CORONAVIRUS COVID-19 PANDEMICRESEARCH

Consumers rush back to retail centres after lockdowns

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FOOT traffic across Sydney’s major shopping centres has bounced back since the most recent lockdown, with sub-regional mall visitation above pre-pandemic levels, although city centres continue to feel the pandemic pinch.

According to CBRE, using data from Pathzz across 50 centres, CBD weekly foot traffic level reflect only 14% of pre-pandemic levels, although that is expected to pick up as more workers return to the office. Google mobility data shows workplace movement in the City of Sydney 42% below pre-pandemic levels.

That didn’t drive away Hong Kong’s Link REIT from taking on joint ownership of iconic Sydney retail trio the Queen Victoria Building, The Strand Arcade and The Galeries in a $538 million deal.

Initiatives introduced to attract visitors to the CBD include the Dine & Discover, which include dining and entertainment vouchers, with a focus on Fridays.

Sub-regional shopping centres are receiving 117% of pre-pandemic visitation levels currently, while large format centres are receiving 96%. Regional shopping centres, including major and super-regional centres, are tracking at about 90%.

The data also shows that not only did shopping centres – most notably large format retail centres and those in neighbourhood locations – retain robust levels of foot traffic during periods with no restrictions, but some showed an increased level of activity compared to pre-pandemic levels.

Between December 2020 and May 2021, as restrictions lifted prior to the Delta outbreak, visitor numbers rose 61% and 66% respectively when compared to corresponding pre-pandemic levels.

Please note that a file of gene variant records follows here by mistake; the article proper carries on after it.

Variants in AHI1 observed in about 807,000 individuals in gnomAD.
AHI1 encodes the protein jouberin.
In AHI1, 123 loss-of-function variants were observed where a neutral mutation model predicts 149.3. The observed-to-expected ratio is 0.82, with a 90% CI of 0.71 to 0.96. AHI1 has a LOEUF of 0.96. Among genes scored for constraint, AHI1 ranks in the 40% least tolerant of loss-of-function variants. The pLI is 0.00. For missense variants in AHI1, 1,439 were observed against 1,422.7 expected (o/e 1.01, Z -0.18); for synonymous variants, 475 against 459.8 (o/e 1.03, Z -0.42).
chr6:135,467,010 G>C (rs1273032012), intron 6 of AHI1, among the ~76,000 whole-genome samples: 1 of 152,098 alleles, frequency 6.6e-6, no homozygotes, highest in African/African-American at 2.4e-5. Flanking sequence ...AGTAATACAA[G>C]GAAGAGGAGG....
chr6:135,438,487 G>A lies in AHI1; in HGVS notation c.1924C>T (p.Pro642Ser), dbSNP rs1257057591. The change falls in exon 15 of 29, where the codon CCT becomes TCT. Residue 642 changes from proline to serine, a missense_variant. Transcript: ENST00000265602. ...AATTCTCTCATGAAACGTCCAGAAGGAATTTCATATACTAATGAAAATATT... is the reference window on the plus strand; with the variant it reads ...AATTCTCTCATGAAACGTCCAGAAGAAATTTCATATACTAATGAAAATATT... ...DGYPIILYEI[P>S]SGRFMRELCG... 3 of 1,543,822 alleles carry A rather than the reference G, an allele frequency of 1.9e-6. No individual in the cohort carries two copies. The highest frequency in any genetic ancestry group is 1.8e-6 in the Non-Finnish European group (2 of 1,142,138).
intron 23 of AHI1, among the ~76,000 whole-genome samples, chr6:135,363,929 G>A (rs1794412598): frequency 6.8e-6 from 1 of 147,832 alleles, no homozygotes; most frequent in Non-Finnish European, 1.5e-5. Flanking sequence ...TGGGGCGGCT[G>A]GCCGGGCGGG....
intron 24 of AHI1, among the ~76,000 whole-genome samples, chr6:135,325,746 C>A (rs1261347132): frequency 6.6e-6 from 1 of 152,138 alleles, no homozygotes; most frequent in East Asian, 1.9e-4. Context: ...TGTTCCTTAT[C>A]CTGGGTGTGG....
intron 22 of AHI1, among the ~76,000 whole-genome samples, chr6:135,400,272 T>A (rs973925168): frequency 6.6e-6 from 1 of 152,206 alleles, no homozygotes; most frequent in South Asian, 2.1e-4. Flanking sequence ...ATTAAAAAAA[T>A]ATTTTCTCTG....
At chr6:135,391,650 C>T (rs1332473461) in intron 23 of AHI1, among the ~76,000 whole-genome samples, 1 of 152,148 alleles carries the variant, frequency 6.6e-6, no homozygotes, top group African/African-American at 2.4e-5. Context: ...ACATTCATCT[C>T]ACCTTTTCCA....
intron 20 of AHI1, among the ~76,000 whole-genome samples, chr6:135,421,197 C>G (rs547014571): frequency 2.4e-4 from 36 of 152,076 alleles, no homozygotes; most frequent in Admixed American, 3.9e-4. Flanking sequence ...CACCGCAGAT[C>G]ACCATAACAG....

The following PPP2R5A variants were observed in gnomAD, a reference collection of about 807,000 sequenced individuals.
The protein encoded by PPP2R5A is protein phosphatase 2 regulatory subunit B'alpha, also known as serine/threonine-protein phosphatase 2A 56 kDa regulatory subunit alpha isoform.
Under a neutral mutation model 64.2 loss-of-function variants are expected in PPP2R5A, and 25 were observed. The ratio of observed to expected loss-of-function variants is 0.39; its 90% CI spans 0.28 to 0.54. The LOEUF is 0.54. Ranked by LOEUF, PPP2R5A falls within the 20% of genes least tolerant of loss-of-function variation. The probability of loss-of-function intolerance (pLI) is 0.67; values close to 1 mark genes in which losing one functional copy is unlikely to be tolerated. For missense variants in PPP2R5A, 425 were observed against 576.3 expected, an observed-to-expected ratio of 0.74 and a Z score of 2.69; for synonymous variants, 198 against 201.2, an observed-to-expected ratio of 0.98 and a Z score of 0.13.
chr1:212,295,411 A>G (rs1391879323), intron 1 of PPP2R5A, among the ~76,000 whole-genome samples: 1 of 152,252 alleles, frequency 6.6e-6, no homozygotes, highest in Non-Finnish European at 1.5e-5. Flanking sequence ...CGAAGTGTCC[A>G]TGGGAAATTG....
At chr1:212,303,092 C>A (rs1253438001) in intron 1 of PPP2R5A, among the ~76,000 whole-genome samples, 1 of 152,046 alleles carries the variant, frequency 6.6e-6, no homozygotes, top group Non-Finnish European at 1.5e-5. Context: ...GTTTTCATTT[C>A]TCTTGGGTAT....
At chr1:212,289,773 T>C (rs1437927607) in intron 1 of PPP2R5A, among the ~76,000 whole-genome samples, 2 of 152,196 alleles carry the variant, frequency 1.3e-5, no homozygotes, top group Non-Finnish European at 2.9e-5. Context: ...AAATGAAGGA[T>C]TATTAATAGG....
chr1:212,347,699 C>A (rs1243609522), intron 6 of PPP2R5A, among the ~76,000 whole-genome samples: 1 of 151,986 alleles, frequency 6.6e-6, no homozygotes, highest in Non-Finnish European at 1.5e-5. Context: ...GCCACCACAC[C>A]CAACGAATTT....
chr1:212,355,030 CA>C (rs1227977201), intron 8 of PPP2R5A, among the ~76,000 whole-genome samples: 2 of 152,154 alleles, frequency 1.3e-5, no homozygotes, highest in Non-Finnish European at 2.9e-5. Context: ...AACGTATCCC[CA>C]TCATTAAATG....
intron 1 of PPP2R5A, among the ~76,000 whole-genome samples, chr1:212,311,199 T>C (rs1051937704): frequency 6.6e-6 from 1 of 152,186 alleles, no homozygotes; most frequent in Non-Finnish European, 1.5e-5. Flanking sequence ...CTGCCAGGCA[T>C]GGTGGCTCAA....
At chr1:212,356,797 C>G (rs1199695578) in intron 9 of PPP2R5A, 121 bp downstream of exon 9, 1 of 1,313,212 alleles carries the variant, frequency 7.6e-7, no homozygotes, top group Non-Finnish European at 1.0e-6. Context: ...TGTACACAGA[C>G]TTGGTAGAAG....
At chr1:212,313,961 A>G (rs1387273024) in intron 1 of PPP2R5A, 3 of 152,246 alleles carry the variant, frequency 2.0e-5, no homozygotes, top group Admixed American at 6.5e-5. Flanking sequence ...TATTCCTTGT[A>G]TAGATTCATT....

“Large format retail centres focused on homewares and electricals have proven to be the winners in retail during the past 24 months, as Australians were inclined to improve their home environments,” CBRE research analyst James Boseley said. Retail spending across furniture and housewares, hardwares and household goods in December 2020 was up by about 20% year on year.

Boseley said the spikes seen in visitation throughout the pandemic can be attributed two-fold.

“In between times of lockdown and eased restrictions, consumers were either one-time bulk buying, between bouts of no visits, or splurging on shopping sprees as a form of ‘revenge shopping’, celebrating their release from home confinements.”

Repeat visits dropped by 47% over the early 2021 period for neighbourhood centres and remain 38% lower over the last six months, while weekends are the prime times to visit retailers, with less people shopping during the work week, although Thursdays remain the most popular day of the week for regional and super-regional centres.

There is also a decrease in retailer visits from younger generations aged 25 to 34 due to increased adoption of online shopping, down 5.7% for city centres and 2.7% for regional shopping centres. The proportion of those visiting super regional centres aged 45 and above has increased, while the changes in neighbourhood centre demographics were less pronounced.

Retailer are looking at experiential initiatives to bring younger shoppers back to the CBD and malls. Rebel’s concept store in Parramatta features virtual games, advice from athletes on shoes and basketball shooting; Kit Kat’s Chocolatery allows customers to create their own KitKat from 30,000 possible combinations, and the BuyNatural experiential outlet allows customers to taste, smell, test and learn about the brand’s products.

The proportion of people driving to shopping centres declined across all asset types – even local neighbourhood centres, where it fell by 15%, while to regional centres it fell by 20% and by 10% for city centres. Buses and trains picked up most of the slack.

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